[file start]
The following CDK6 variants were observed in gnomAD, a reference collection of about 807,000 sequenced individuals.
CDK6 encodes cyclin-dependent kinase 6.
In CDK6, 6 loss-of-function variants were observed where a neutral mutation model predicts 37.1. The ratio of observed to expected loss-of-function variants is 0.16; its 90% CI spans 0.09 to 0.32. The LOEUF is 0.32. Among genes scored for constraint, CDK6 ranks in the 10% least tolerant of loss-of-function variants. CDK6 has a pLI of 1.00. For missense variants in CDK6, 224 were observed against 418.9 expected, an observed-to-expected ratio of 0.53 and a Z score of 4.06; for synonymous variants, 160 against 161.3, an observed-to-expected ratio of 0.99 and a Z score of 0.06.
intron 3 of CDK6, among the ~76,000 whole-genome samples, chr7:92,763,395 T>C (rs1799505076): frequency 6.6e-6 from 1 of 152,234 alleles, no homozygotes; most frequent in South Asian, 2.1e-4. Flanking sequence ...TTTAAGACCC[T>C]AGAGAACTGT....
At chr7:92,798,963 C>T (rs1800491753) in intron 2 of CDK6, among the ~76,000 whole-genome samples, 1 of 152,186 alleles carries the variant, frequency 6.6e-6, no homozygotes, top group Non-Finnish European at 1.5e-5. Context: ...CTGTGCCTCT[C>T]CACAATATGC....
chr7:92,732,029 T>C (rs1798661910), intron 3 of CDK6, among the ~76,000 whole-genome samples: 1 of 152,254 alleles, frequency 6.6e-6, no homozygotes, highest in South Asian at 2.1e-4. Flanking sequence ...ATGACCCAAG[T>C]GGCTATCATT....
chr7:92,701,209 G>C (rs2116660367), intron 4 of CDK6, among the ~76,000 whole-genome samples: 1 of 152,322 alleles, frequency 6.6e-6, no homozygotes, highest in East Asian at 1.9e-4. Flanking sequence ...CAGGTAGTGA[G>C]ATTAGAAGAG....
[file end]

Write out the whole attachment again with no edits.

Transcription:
The following CDK6 variants were observed in gnomAD, a reference collection of about 807,000 sequenced individuals.
CDK6 encodes cyclin-dependent kinase 6.
In CDK6, 6 loss-of-function variants were observed where a neutral mutation model predicts 37.1. The ratio of observed to expected loss-of-function variants is 0.16; its 90% CI spans 0.09 to 0.32. The LOEUF is 0.32. Among genes scored for constraint, CDK6 ranks in the 10% least tolerant of loss-of-function variants. CDK6 has a pLI of 1.00. For missense variants in CDK6, 224 were observed against 418.9 expected, an observed-to-expected ratio of 0.53 and a Z score of 4.06; for synonymous variants, 160 against 161.3, an observed-to-expected ratio of 0.99 and a Z score of 0.06.
intron 3 of CDK6, among the ~76,000 whole-genome samples, chr7:92,763,395 T>C (rs1799505076): frequency 6.6e-6 from 1 of 152,234 alleles, no homozygotes; most frequent in South Asian, 2.1e-4. Flanking sequence ...TTTAAGACCC[T>C]AGAGAACTGT....
At chr7:92,798,963 C>T (rs1800491753) in intron 2 of CDK6, among the ~76,000 whole-genome samples, 1 of 152,186 alleles carries the variant, frequency 6.6e-6, no homozygotes, top group Non-Finnish European at 1.5e-5. Context: ...CTGTGCCTCT[C>T]CACAATATGC....
chr7:92,732,029 T>C (rs1798661910), intron 3 of CDK6, among the ~76,000 whole-genome samples: 1 of 152,254 alleles, frequency 6.6e-6, no homozygotes, highest in South Asian at 2.1e-4. Flanking sequence ...ATGACCCAAG[T>C]GGCTATCATT....
chr7:92,701,209 G>C (rs2116660367), intron 4 of CDK6, among the ~76,000 whole-genome samples: 1 of 152,322 alleles, frequency 6.6e-6, no homozygotes, highest in East Asian at 1.9e-4. Flanking sequence ...CAGGTAGTGA[G>C]ATTAGAAGAG....